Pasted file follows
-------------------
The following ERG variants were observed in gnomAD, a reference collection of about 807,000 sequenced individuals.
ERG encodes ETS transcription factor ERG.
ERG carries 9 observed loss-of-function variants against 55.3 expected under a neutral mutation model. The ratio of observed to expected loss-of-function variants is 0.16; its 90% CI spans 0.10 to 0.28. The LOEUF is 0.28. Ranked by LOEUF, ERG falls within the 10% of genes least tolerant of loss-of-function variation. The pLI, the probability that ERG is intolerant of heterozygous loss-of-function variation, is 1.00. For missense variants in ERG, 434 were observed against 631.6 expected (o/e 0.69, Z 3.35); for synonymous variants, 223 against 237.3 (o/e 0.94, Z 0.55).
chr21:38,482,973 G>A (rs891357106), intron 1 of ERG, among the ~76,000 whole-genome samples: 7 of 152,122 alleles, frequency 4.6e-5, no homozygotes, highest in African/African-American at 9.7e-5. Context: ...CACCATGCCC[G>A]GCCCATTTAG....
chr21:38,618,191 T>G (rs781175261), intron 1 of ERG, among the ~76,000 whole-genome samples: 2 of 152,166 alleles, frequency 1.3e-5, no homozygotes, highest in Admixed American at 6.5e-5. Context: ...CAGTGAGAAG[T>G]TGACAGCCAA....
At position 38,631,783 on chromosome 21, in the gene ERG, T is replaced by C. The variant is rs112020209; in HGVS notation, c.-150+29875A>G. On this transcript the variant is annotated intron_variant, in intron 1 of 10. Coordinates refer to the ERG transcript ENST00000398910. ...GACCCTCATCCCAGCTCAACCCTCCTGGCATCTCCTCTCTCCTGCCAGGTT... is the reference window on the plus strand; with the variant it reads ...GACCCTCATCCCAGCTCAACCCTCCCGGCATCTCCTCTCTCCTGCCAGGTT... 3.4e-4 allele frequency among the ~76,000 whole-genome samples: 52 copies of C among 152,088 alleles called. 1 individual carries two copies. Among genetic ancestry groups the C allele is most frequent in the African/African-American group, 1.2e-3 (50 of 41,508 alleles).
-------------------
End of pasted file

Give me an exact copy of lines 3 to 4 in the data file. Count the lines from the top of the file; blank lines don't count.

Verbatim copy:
ERG carries 9 observed loss-of-function variants against 55.3 expected under a neutral mutation model. The ratio of observed to expected loss-of-function variants is 0.16; its 90% CI spans 0.10 to 0.28. The LOEUF is 0.28. Ranked by LOEUF, ERG falls within the 10% of genes least tolerant of loss-of-function variation. The pLI, the probability that ERG is intolerant of heterozygous loss-of-function variation, is 1.00. For missense variants in ERG, 434 were observed against 631.6 expected (o/e 0.69, Z 3.35); for synonymous variants, 223 against 237.3 (o/e 0.94, Z 0.55).
chr21:38,482,973 G>A (rs891357106), intron 1 of ERG, among the ~76,000 whole-genome samples: 7 of 152,122 alleles, frequency 4.6e-5, no homozygotes, highest in African/African-American at 9.7e-5. Context: ...CACCATGCCC[G>A]GCCCATTTAG....